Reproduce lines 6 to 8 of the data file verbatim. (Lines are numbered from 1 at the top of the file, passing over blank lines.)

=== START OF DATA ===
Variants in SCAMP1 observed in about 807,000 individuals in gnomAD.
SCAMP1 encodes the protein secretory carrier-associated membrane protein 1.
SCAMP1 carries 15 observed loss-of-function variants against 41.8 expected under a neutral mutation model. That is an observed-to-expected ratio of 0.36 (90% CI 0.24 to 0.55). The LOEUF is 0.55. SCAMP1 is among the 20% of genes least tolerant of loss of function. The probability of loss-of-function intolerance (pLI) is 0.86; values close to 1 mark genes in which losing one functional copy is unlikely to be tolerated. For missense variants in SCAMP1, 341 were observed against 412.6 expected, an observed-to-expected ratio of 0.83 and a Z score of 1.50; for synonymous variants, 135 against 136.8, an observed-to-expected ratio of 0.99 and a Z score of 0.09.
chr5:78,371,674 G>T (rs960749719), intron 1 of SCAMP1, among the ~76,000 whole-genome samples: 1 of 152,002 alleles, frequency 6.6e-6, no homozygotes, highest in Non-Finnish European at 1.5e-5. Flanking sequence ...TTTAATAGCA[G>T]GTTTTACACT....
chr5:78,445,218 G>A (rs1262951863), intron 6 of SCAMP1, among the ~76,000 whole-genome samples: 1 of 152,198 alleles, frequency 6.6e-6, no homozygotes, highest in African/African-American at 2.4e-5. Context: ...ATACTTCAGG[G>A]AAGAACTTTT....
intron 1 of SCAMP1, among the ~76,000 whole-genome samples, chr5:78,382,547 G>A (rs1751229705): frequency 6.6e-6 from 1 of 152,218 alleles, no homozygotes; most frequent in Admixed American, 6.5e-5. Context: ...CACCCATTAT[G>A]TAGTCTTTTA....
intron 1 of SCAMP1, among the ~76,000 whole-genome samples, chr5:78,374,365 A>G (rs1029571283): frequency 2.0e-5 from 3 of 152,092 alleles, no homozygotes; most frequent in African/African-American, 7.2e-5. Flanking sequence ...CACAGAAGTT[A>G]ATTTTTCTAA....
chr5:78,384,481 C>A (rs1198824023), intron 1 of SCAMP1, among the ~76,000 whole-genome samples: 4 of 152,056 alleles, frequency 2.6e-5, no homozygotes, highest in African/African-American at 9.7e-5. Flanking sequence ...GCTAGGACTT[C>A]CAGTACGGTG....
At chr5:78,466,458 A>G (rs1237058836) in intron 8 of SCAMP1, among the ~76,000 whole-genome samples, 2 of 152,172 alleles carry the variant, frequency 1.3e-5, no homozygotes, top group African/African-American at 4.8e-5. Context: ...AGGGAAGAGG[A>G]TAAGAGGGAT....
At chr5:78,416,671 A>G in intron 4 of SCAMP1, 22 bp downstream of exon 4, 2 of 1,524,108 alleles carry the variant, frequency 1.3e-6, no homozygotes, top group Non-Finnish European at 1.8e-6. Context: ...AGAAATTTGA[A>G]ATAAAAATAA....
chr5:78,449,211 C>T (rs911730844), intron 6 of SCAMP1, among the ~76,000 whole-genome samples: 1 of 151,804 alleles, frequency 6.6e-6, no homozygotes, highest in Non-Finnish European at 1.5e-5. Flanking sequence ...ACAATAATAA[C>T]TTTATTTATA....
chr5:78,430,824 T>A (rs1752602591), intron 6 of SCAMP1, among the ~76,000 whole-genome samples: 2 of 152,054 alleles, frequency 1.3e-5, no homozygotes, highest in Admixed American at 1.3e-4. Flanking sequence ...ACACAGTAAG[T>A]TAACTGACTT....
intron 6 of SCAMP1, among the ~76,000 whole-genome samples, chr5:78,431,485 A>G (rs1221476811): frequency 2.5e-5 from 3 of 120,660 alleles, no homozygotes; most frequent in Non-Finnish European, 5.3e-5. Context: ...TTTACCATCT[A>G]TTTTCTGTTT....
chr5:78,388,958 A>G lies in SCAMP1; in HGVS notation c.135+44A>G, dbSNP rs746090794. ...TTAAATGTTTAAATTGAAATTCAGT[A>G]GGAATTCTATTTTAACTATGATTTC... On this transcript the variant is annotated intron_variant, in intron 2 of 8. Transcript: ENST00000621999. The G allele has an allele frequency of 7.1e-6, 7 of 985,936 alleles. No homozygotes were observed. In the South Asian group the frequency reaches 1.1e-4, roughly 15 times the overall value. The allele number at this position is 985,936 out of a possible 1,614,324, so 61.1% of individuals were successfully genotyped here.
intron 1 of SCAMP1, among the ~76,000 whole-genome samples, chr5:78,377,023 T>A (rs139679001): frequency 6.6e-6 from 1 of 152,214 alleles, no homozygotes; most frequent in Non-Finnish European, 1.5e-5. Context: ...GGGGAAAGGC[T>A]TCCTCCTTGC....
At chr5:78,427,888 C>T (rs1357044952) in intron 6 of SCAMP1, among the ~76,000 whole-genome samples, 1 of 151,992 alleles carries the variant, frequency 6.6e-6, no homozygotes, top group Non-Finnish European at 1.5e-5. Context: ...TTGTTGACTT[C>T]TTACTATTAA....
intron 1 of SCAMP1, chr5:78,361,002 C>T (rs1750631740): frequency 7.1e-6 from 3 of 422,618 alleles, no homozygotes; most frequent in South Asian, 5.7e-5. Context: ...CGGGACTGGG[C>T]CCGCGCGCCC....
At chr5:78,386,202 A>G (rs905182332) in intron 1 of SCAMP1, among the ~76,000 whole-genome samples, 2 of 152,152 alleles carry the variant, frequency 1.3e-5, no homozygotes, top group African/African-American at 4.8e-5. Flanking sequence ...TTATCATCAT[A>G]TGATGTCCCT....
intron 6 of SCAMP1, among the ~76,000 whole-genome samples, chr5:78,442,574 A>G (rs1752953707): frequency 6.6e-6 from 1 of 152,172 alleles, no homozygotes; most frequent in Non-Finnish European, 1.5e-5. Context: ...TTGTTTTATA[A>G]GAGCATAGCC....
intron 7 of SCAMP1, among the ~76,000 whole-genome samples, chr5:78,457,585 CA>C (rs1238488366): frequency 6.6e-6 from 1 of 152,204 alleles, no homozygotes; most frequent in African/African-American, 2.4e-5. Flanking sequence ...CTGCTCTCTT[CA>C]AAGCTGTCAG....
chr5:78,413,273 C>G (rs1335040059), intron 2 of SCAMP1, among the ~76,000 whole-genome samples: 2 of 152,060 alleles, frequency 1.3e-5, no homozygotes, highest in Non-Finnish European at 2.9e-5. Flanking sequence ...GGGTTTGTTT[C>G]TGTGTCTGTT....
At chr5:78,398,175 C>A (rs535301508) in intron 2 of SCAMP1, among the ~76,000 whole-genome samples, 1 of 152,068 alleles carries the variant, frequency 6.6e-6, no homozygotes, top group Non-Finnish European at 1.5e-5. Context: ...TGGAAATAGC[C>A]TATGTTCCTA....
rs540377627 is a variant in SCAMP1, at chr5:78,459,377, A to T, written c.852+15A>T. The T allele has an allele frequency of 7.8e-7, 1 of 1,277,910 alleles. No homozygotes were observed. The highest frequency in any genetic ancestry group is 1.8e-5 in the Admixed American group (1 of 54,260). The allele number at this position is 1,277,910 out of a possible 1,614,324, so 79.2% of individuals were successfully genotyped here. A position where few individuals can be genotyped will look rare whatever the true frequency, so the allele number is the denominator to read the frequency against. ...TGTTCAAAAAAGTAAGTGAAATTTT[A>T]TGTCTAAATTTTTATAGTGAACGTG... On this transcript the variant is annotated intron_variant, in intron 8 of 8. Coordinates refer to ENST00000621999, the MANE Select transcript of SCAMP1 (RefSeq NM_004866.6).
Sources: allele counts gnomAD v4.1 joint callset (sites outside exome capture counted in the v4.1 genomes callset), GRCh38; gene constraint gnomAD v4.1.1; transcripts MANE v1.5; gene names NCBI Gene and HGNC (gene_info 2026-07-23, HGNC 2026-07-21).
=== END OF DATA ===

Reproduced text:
intron 1 of SCAMP1, among the ~76,000 whole-genome samples, chr5:78,382,547 G>A (rs1751229705): frequency 6.6e-6 from 1 of 152,218 alleles, no homozygotes; most frequent in Admixed American, 6.5e-5. Context: ...CACCCATTAT[G>A]TAGTCTTTTA....
intron 1 of SCAMP1, among the ~76,000 whole-genome samples, chr5:78,374,365 A>G (rs1029571283): frequency 2.0e-5 from 3 of 152,092 alleles, no homozygotes; most frequent in African/African-American, 7.2e-5. Flanking sequence ...CACAGAAGTT[A>G]ATTTTTCTAA....
chr5:78,384,481 C>A (rs1198824023), intron 1 of SCAMP1, among the ~76,000 whole-genome samples: 4 of 152,056 alleles, frequency 2.6e-5, no homozygotes, highest in African/African-American at 9.7e-5. Flanking sequence ...GCTAGGACTT[C>A]CAGTACGGTG....